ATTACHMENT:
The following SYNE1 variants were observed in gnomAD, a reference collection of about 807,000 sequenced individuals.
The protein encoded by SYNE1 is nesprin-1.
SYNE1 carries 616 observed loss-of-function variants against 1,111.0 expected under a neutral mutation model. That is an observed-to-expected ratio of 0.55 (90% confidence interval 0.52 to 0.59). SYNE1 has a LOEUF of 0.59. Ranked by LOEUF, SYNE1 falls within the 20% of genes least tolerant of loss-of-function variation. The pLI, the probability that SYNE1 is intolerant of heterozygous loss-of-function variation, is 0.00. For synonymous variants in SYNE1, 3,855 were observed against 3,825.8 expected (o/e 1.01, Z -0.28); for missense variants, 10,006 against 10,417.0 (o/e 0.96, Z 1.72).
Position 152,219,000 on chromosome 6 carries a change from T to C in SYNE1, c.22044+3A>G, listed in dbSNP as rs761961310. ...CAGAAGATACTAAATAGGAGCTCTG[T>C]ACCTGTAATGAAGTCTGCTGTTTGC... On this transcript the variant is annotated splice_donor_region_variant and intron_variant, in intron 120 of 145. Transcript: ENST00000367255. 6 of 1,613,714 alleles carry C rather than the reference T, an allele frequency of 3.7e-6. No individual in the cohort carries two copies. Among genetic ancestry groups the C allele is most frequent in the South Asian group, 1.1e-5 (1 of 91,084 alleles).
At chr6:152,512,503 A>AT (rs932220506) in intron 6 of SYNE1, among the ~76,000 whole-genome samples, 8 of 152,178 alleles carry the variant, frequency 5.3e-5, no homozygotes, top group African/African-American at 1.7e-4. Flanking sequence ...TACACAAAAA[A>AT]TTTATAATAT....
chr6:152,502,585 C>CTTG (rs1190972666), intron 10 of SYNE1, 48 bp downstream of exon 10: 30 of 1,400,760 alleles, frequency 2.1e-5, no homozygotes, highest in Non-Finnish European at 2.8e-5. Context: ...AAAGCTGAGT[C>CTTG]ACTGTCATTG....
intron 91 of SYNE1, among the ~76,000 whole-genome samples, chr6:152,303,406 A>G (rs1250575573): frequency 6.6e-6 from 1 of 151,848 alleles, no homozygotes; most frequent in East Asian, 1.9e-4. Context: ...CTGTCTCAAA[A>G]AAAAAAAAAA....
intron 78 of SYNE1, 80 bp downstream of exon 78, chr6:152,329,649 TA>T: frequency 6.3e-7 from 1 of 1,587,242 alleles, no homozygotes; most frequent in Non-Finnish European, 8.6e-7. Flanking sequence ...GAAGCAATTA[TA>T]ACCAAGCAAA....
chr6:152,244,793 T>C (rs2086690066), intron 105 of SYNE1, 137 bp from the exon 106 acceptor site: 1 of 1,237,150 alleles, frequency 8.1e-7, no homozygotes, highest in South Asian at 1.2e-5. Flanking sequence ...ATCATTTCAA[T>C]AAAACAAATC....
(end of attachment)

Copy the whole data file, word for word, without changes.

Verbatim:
The following SYNE1 variants were observed in gnomAD, a reference collection of about 807,000 sequenced individuals.
The protein encoded by SYNE1 is nesprin-1.
SYNE1 carries 616 observed loss-of-function variants against 1,111.0 expected under a neutral mutation model. That is an observed-to-expected ratio of 0.55 (90% confidence interval 0.52 to 0.59). SYNE1 has a LOEUF of 0.59. Ranked by LOEUF, SYNE1 falls within the 20% of genes least tolerant of loss-of-function variation. The pLI, the probability that SYNE1 is intolerant of heterozygous loss-of-function variation, is 0.00. For synonymous variants in SYNE1, 3,855 were observed against 3,825.8 expected (o/e 1.01, Z -0.28); for missense variants, 10,006 against 10,417.0 (o/e 0.96, Z 1.72).
Position 152,219,000 on chromosome 6 carries a change from T to C in SYNE1, c.22044+3A>G, listed in dbSNP as rs761961310. ...CAGAAGATACTAAATAGGAGCTCTG[T>C]ACCTGTAATGAAGTCTGCTGTTTGC... On this transcript the variant is annotated splice_donor_region_variant and intron_variant, in intron 120 of 145. Transcript: ENST00000367255. 6 of 1,613,714 alleles carry C rather than the reference T, an allele frequency of 3.7e-6. No individual in the cohort carries two copies. Among genetic ancestry groups the C allele is most frequent in the South Asian group, 1.1e-5 (1 of 91,084 alleles).
At chr6:152,512,503 A>AT (rs932220506) in intron 6 of SYNE1, among the ~76,000 whole-genome samples, 8 of 152,178 alleles carry the variant, frequency 5.3e-5, no homozygotes, top group African/African-American at 1.7e-4. Flanking sequence ...TACACAAAAA[A>AT]TTTATAATAT....
chr6:152,502,585 C>CTTG (rs1190972666), intron 10 of SYNE1, 48 bp downstream of exon 10: 30 of 1,400,760 alleles, frequency 2.1e-5, no homozygotes, highest in Non-Finnish European at 2.8e-5. Context: ...AAAGCTGAGT[C>CTTG]ACTGTCATTG....
intron 91 of SYNE1, among the ~76,000 whole-genome samples, chr6:152,303,406 A>G (rs1250575573): frequency 6.6e-6 from 1 of 151,848 alleles, no homozygotes; most frequent in East Asian, 1.9e-4. Context: ...CTGTCTCAAA[A>G]AAAAAAAAAA....
intron 78 of SYNE1, 80 bp downstream of exon 78, chr6:152,329,649 TA>T: frequency 6.3e-7 from 1 of 1,587,242 alleles, no homozygotes; most frequent in Non-Finnish European, 8.6e-7. Flanking sequence ...GAAGCAATTA[TA>T]ACCAAGCAAA....
chr6:152,244,793 T>C (rs2086690066), intron 105 of SYNE1, 137 bp from the exon 106 acceptor site: 1 of 1,237,150 alleles, frequency 8.1e-7, no homozygotes, highest in South Asian at 1.2e-5. Flanking sequence ...ATCATTTCAA[T>C]AAAACAAATC....